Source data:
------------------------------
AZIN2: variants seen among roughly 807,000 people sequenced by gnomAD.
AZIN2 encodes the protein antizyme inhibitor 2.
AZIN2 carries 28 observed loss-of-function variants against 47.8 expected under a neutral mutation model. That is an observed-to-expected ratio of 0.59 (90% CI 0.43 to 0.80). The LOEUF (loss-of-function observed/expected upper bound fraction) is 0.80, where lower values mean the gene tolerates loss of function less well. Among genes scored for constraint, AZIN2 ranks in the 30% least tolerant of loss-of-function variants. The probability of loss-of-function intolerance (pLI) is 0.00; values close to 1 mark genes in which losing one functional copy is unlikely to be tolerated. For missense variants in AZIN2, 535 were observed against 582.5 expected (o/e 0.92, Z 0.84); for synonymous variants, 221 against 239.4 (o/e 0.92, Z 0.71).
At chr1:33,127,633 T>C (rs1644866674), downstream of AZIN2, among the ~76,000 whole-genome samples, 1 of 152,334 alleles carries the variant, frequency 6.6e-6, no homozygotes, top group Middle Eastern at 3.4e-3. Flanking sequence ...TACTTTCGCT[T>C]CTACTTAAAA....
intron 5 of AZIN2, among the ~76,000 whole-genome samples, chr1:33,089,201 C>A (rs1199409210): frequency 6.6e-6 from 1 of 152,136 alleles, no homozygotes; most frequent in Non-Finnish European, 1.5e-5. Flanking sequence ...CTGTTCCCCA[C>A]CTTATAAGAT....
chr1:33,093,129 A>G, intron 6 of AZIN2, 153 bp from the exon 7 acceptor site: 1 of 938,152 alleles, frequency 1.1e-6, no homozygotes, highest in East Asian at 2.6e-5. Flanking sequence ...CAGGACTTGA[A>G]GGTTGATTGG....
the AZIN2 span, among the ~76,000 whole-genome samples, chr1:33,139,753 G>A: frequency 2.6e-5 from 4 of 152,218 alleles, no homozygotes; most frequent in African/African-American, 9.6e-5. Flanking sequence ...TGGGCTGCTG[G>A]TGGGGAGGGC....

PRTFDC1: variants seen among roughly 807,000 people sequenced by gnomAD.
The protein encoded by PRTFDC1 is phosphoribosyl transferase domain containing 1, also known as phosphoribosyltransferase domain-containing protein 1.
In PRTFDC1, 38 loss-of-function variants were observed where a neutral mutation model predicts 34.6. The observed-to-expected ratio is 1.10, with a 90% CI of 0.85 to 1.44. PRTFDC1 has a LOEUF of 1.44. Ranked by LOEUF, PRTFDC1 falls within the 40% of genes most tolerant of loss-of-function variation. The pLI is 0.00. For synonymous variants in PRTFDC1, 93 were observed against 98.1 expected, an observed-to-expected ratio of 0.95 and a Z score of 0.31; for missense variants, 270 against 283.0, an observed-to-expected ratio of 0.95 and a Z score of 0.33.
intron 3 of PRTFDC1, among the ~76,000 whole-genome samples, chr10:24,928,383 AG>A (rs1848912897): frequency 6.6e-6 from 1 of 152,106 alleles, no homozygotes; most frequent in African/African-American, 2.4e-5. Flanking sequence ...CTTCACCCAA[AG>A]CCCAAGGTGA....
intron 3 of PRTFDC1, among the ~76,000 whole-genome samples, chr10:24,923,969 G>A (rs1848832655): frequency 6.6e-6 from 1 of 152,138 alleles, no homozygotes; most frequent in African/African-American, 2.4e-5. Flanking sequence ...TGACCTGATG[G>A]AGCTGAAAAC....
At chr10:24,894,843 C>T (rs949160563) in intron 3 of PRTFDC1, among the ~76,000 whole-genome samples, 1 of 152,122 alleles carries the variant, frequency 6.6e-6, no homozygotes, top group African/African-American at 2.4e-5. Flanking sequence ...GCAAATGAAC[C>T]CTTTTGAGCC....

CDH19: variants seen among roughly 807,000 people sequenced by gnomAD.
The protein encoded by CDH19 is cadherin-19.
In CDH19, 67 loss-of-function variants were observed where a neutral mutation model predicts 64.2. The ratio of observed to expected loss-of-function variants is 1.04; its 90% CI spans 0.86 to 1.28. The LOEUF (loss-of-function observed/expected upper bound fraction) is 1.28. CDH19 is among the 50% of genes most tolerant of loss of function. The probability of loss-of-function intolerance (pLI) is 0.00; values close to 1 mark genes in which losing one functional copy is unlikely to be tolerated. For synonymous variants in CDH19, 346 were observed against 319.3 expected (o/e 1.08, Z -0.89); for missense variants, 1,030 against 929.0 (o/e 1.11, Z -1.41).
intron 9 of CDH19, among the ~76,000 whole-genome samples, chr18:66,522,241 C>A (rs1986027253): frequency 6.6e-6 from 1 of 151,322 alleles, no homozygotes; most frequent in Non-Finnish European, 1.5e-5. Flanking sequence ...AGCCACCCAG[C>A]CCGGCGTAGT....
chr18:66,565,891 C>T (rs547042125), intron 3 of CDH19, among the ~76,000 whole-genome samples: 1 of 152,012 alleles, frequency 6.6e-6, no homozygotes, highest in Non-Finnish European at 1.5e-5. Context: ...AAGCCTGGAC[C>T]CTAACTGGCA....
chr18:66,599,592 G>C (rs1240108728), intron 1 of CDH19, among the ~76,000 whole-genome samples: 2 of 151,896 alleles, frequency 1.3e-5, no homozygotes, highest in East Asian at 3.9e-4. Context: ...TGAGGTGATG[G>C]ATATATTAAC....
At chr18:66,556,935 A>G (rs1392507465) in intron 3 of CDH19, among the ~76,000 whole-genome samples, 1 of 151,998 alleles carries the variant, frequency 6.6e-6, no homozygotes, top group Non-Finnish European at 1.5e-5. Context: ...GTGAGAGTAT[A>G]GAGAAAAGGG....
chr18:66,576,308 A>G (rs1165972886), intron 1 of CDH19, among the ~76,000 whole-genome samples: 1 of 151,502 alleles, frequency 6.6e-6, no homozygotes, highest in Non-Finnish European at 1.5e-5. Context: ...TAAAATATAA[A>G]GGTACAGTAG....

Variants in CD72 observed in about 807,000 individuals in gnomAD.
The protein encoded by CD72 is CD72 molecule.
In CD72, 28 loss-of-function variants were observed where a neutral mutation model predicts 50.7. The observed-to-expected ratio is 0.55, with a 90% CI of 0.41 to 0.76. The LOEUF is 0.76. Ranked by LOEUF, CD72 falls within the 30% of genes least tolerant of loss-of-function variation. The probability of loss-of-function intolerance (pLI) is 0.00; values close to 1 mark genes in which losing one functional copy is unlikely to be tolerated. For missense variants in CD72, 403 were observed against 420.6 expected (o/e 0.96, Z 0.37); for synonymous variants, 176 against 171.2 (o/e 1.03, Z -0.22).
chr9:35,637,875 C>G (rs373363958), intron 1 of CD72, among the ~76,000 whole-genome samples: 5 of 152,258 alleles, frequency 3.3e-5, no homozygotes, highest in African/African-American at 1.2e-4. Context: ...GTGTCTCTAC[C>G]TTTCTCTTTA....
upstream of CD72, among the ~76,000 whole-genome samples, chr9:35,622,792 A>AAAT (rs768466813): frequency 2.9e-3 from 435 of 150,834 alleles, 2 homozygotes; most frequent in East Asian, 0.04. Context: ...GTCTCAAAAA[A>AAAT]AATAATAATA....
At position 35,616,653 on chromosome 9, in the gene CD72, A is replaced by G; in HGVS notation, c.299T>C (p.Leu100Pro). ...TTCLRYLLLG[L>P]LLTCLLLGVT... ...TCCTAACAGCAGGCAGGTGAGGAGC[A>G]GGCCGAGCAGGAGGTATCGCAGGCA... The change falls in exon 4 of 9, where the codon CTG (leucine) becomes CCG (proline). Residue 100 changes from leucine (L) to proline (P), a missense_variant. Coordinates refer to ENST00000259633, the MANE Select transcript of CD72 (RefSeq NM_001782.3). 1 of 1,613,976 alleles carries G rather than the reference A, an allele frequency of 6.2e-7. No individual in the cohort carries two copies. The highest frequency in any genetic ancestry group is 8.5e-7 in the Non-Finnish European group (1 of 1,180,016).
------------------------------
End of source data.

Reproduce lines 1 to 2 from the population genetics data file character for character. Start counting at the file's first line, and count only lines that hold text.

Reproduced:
AZIN2: variants seen among roughly 807,000 people sequenced by gnomAD.
AZIN2 encodes the protein antizyme inhibitor 2.